Diabetes Forecast

Live Long and Prosper: Scientists Discover a New Key to the Aging Process

What to Know

Scientists, long interested in what causes us to age, have recently focused on epigenetics, the study of how different factors that affect our genes can influence the progression of diseases like diabetes. For example, an expectant mother’s diet may leave “epigenetic marks” on her unborn child’s genes that increase the child’s risk of disease later in life. In this study, researchers looked at Werner syndrome, a rare disorder that causes early aging. They wanted to learn if “marks” caused by the disease might offer clues about aging and disease.

The Study

Werner syndrome affects the WRN gene, which appears to help control the aging process, so the researchers manipulated human embryonic stem cells in a laboratory to learn how mutations to that gene might speed up aging. They then compared what they learned to gene activity in six younger and six older people.

The Results

The researchers found that Werner syndrome appears to disrupt certain bundles of DNA known as heterochromatin, which may control gene activity related to aging. The heterochromatin bundles of the older people resembled those found in Werner syndrome, suggesting that these changes also contribute to normal aging.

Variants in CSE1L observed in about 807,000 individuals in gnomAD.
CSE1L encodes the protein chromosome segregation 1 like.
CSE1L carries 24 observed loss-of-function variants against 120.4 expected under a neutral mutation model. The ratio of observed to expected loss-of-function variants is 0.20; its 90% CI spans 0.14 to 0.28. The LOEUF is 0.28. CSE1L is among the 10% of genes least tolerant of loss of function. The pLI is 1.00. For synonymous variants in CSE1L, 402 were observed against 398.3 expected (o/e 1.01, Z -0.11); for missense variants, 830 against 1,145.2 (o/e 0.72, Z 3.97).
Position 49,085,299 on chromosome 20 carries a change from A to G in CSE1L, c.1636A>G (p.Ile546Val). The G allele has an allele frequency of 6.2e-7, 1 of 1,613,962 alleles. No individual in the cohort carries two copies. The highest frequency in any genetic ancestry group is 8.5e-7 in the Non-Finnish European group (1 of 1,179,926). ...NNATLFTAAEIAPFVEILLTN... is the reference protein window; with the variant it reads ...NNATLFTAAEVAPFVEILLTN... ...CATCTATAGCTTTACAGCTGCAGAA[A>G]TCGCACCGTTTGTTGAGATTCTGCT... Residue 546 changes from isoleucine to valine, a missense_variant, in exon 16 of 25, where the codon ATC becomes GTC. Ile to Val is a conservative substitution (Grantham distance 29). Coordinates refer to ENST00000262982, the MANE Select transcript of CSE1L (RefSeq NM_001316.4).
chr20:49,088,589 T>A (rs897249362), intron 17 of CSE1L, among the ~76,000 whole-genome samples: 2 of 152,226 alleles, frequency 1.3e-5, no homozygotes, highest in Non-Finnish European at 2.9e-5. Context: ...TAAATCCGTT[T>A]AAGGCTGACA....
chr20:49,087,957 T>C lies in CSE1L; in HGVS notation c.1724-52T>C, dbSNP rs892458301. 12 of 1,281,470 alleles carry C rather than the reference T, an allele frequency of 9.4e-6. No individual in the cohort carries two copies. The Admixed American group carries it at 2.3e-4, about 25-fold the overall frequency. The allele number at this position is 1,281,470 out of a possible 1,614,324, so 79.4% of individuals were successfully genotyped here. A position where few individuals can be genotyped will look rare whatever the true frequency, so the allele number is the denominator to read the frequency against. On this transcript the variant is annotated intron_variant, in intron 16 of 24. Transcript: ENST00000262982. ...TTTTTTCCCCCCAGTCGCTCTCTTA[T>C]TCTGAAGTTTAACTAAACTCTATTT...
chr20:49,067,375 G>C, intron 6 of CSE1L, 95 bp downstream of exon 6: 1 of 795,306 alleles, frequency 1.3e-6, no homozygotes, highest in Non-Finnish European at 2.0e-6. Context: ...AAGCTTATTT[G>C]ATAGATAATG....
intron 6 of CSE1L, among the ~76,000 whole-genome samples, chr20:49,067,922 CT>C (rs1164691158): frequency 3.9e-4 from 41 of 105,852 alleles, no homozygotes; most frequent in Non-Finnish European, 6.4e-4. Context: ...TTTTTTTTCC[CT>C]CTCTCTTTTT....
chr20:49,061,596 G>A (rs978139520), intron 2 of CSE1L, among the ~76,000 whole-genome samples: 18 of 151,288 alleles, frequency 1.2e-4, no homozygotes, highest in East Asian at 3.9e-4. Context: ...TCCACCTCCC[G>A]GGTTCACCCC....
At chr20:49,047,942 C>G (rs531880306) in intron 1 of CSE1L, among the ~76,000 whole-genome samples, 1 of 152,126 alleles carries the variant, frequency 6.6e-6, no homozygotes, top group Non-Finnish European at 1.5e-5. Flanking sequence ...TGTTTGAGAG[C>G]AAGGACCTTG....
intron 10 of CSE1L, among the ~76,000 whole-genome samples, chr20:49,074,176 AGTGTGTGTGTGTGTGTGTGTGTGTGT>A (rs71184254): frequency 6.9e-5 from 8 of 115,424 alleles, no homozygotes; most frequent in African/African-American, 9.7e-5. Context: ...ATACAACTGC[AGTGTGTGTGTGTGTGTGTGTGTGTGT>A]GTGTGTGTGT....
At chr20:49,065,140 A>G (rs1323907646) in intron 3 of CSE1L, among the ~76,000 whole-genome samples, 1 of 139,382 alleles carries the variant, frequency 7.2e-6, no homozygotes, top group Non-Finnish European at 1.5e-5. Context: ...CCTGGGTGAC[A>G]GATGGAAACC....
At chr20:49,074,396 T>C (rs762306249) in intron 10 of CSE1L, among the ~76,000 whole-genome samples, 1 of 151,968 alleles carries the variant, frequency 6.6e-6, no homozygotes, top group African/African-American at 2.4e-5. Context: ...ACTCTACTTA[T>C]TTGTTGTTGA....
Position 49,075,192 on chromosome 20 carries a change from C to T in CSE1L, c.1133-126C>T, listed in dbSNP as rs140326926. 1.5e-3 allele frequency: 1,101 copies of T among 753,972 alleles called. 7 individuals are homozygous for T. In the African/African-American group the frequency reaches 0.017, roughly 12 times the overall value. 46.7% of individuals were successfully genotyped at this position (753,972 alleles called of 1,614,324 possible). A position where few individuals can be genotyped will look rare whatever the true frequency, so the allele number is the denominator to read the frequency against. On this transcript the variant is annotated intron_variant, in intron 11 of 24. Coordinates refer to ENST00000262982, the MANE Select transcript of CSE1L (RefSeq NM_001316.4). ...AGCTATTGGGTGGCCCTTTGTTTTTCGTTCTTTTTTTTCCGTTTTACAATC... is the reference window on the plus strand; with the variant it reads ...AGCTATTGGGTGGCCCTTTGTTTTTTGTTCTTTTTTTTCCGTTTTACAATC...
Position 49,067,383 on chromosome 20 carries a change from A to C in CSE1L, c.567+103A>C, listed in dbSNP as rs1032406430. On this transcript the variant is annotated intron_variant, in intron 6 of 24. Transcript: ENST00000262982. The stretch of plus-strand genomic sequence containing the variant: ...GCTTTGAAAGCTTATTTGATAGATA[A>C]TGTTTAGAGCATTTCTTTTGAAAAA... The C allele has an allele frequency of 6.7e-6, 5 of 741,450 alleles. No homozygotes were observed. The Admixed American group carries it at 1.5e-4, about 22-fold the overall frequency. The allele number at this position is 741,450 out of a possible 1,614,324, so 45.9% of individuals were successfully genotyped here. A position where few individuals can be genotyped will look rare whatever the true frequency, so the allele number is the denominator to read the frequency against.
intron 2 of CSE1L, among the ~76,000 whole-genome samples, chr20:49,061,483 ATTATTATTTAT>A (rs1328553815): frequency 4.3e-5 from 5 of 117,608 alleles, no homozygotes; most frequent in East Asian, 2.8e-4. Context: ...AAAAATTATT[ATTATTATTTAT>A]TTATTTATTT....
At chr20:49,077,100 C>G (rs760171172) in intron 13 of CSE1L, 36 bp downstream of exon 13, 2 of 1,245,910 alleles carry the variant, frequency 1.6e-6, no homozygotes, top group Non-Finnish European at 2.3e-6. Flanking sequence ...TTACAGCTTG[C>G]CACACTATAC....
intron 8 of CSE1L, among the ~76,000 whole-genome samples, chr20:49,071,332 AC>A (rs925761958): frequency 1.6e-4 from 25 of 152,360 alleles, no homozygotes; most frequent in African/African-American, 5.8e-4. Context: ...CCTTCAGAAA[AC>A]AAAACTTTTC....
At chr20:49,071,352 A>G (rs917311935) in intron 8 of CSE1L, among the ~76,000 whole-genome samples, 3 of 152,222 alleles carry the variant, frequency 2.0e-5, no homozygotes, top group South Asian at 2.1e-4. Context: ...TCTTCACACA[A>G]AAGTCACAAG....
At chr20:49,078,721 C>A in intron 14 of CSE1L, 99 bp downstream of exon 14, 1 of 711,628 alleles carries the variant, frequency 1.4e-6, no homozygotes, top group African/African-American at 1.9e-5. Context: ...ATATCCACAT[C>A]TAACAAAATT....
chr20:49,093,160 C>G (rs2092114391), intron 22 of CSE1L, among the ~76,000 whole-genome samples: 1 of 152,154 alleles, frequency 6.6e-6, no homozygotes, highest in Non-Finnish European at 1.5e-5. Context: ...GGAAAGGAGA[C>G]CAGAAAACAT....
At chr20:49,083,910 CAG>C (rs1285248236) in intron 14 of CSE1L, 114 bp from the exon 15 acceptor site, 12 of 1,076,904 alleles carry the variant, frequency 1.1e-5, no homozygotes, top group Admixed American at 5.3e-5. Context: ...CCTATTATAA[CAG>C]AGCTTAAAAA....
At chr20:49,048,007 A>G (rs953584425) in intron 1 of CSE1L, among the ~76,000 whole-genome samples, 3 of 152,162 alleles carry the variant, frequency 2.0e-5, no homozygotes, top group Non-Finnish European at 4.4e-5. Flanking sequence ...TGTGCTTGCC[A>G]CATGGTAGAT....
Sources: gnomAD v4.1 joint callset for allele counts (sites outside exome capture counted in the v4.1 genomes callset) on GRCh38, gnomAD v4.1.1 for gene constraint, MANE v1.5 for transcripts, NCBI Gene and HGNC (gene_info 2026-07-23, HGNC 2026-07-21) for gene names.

Based on this discovery, scientists may eventually be able to develop techniques to change epigenetic marks and thereby alter the aging process and the treatment of diseases such as diabetes. However, this research is in its earliest stages, and much more needs to be learned before it’s known whether any effective treatments can be created from this and related research.

A Werner syndrome stem cell model unveils heterochromatin alterations as a driver of human aging. By Weiqi Zhang and colleagues. Science. 348;6239, 1160-1163 https://doi.org/10.1126/science.aaa1356

The information on this screen does not take the place of care from your doctor or other health care provider. If you have general questions about diabetes or diabetes-related research, e-mail askada@diabetes.org or call 1-800-DIABETES (800-342-2382).



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